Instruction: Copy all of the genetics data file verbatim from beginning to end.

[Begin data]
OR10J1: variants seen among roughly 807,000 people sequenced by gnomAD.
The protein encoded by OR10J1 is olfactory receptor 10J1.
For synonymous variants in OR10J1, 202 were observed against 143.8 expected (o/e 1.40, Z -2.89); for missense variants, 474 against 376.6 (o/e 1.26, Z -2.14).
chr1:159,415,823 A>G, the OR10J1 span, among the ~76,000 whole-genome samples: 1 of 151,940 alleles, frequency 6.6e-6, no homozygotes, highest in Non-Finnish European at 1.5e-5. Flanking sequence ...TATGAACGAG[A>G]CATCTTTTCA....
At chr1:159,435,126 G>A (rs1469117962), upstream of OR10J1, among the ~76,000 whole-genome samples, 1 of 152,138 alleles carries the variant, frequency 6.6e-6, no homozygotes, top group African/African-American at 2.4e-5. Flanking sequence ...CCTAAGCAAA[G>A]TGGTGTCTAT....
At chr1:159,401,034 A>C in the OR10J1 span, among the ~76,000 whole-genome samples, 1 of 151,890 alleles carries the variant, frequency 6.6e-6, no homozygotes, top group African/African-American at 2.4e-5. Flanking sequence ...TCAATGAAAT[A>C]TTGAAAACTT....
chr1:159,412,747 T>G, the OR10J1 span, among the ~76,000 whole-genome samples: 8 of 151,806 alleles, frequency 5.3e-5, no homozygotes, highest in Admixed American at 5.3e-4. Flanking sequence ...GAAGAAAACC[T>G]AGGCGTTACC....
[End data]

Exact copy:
OR10J1: variants seen among roughly 807,000 people sequenced by gnomAD.
The protein encoded by OR10J1 is olfactory receptor 10J1.
For synonymous variants in OR10J1, 202 were observed against 143.8 expected (o/e 1.40, Z -2.89); for missense variants, 474 against 376.6 (o/e 1.26, Z -2.14).
chr1:159,415,823 A>G, the OR10J1 span, among the ~76,000 whole-genome samples: 1 of 151,940 alleles, frequency 6.6e-6, no homozygotes, highest in Non-Finnish European at 1.5e-5. Flanking sequence ...TATGAACGAG[A>G]CATCTTTTCA....
At chr1:159,435,126 G>A (rs1469117962), upstream of OR10J1, among the ~76,000 whole-genome samples, 1 of 152,138 alleles carries the variant, frequency 6.6e-6, no homozygotes, top group African/African-American at 2.4e-5. Flanking sequence ...CCTAAGCAAA[G>A]TGGTGTCTAT....
At chr1:159,401,034 A>C in the OR10J1 span, among the ~76,000 whole-genome samples, 1 of 151,890 alleles carries the variant, frequency 6.6e-6, no homozygotes, top group African/African-American at 2.4e-5. Flanking sequence ...TCAATGAAAT[A>C]TTGAAAACTT....
chr1:159,412,747 T>G, the OR10J1 span, among the ~76,000 whole-genome samples: 8 of 151,806 alleles, frequency 5.3e-5, no homozygotes, highest in Admixed American at 5.3e-4. Flanking sequence ...GAAGAAAACC[T>G]AGGCGTTACC....